Seed or Transplants
As with vegetables, there are advantages to setting out some plants as transplants and others from seed. Single-potted annual plants or packs of annuals containing several transplants are more expensive than seed. However, the instant effect created by setting out plants is irresistible to most gardeners.
Sowing seed directly into the garden soil is a time-honored ritual that rewards a little work and patience with great returns. The extra time involved is offset by savings in initial cost. Also, you can get more variety at less expense from seed than from transplants.
Many species of annual flowers have improved varieties, with increased heat tolerance, disease resistance, and other improvements. Instead of relying on the same tried and true varieties each year, look for those that have won the All-America Selection award. In addition to the dozens of varieties found on seed racks, mail-order companies provide gardeners with colorful catalogs full of many exciting annuals, including the newest varieties. Ordering seed through the mail has a peculiar excitement all its own, and the catalogs themselves are a wealth of information on planting and caring for unusual plants.
Annual flowers, whether grown from seed or transplants, are all handled the same in the garden. Summer annuals are planted in the early spring, after soil temperatures have risen and danger of frost has passed. Winter annuals are planted early enough in the fall to allow time for toughening up before frost.
Set plants shallow, with the top of the roots just under the surface of the soil. If transplants are grown in pots made of compressed peat moss, crumble the top edge of the peat pot away from the plant so that it will not act as a wick pulling water away from the roots. Pinching off small flowers on brand-new transplants may be hard to do, but it will promote fast new growth and more flowers sooner.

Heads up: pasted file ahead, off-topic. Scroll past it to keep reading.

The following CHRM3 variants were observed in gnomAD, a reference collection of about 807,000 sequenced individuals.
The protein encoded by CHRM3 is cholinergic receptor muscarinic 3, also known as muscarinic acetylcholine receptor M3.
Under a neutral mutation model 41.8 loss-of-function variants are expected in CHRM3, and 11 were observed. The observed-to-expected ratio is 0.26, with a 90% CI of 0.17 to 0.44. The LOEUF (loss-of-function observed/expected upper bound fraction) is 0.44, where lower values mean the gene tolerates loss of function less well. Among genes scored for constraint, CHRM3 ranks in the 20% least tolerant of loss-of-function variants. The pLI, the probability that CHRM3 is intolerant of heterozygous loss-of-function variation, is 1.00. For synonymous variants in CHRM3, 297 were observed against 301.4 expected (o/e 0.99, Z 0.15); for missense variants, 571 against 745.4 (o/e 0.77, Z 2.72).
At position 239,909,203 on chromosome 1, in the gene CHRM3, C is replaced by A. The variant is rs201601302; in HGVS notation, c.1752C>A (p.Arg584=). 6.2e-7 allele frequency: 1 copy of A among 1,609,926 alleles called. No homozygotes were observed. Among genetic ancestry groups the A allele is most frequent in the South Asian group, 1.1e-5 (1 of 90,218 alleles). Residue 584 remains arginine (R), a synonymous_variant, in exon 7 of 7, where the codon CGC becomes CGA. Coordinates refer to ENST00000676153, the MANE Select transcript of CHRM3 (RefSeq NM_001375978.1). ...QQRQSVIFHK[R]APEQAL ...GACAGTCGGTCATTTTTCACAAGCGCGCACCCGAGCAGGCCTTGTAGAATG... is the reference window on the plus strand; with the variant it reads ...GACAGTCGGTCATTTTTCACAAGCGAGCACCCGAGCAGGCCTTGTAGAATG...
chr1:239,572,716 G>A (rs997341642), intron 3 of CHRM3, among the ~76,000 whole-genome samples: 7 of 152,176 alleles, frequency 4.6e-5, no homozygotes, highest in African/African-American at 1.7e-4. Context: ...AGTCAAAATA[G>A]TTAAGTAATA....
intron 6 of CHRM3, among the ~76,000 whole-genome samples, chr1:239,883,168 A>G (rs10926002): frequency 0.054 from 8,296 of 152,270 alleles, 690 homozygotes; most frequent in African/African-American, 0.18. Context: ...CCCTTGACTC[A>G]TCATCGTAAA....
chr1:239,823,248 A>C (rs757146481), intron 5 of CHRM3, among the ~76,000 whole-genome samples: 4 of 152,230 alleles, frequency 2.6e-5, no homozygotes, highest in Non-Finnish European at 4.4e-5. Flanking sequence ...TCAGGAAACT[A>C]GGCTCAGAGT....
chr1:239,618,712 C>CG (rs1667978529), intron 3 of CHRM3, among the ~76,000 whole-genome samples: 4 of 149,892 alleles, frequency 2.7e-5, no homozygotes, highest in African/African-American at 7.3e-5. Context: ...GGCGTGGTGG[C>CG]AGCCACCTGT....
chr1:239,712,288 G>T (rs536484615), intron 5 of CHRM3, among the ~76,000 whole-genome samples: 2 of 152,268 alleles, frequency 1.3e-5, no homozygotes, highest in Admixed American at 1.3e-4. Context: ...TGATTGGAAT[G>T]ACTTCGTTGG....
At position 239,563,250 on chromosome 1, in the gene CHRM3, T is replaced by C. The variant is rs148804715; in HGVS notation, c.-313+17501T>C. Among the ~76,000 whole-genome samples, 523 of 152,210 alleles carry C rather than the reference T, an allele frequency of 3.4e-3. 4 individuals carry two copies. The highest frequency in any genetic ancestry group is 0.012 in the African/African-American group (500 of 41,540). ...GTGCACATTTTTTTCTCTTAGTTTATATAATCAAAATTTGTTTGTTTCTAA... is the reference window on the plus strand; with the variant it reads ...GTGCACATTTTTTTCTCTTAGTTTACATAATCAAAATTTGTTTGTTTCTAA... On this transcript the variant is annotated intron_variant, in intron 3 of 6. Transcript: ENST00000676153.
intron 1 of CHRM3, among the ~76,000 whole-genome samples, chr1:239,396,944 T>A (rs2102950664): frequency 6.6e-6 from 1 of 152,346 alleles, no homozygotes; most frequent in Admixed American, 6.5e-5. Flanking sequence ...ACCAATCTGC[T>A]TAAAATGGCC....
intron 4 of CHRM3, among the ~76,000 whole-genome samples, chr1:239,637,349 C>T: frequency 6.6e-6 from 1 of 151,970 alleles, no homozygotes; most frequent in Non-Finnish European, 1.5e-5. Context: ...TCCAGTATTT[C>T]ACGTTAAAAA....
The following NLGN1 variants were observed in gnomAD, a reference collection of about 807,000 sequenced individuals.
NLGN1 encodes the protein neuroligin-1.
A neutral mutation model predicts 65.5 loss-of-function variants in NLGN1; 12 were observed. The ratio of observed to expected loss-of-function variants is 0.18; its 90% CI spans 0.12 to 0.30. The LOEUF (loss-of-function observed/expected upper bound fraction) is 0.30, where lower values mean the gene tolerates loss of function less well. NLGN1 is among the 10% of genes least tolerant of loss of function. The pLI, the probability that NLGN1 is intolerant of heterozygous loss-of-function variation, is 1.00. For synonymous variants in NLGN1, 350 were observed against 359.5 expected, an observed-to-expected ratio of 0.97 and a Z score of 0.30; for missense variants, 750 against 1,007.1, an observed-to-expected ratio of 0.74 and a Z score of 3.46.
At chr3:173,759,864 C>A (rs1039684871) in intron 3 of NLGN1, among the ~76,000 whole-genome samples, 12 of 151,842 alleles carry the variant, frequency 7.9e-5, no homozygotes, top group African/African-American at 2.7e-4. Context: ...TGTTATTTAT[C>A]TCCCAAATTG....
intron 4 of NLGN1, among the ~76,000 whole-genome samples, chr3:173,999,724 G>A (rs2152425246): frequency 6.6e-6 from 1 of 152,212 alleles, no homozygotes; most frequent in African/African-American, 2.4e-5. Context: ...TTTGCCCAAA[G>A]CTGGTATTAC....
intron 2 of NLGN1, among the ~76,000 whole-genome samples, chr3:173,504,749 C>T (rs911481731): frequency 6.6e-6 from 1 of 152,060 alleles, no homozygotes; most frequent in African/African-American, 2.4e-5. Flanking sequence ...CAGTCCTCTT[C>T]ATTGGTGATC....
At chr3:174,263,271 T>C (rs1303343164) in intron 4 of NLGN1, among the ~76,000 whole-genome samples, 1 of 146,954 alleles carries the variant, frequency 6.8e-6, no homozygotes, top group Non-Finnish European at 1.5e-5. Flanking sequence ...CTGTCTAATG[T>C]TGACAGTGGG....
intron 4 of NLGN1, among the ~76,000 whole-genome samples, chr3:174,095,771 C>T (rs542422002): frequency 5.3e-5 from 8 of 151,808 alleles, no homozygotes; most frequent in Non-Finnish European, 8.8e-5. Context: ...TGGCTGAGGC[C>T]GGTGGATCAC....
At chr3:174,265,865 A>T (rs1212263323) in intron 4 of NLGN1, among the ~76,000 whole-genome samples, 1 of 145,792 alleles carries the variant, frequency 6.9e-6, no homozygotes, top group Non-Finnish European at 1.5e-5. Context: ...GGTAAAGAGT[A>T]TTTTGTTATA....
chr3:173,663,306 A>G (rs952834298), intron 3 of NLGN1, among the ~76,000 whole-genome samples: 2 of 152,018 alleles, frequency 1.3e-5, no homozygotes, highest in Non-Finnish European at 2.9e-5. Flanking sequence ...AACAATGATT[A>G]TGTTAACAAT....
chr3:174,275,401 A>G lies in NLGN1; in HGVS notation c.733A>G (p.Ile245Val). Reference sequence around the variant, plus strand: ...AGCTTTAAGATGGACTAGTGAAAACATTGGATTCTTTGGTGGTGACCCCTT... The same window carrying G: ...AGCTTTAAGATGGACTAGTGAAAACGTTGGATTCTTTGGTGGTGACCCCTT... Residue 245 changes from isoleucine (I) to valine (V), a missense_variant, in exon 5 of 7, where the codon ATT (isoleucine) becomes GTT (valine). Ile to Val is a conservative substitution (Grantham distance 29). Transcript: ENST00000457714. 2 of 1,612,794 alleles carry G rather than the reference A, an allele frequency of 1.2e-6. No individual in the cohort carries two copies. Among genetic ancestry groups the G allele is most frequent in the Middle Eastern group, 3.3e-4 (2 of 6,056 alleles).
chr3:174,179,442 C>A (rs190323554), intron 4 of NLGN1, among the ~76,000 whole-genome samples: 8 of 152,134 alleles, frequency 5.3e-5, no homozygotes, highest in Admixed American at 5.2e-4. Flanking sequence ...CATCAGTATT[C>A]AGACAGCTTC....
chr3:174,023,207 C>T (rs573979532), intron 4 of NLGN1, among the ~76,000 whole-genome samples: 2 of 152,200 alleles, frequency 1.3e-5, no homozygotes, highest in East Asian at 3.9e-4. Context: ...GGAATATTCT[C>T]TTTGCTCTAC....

You can have continual bloom the entire summer through some occasional maintenance. As the flowers begin to fade, remove them before seeds are formed. The plants in turn generate new flowers to try again to produce seed. Annual beds maintained for cut flowers will also send up new flower stems to replace those removed for floral arrangements.
One of my favorite easy-care, flowering plants has to be lantana. This low-maintenance plant is highly tolerant of the hot, humid summers in our Mississippi gardens.
It’s no wonder that lantana has been selected as a Mississippi Medallion winner three times.
Through February, I’m highlighting plants named 2020 Mississippi Medallion winners. Each of these winners is superbly adapted to our garden and landscape environment.
This week, I want to tell you about American beautyberry, a winner that is a native species found across the Southeast. It is known botanically as Callicarpa americana.
A couple of weeks ago, I had the privilege of introducing the 2020 Mississippi Medallion Winners at the Gulf States Hort Expo in Mobile, Alabama. This is a special group of selections, as the Mississippi Medallion program is celebrating its 25th anniversary in 2020.
The plants selected for 2020 include Colorblaze coleus, beautyberry, Luscious Series lantana and Garden Gem tomato.
It may be chilly outside, but don’t let that deter you from going outside and working in your garden and landscape. Grab a jacket and your gardening tools, there is plenty to be done during February!
I don’t think you can go wrong with some dianthus in your landscape in 2020.
I love the flower colors that include pink, red, lavenders, white, and bicolors. The foliage of these plants ranges from being grass-like to broader strap-like linear leaves. Plus, the foliage provides contrast with colors ranging from bright green to steely blue-gray.
There are some great selections that will do a fantastic job in our Mississippi gardens and landscapes especially in the cooler months of the year.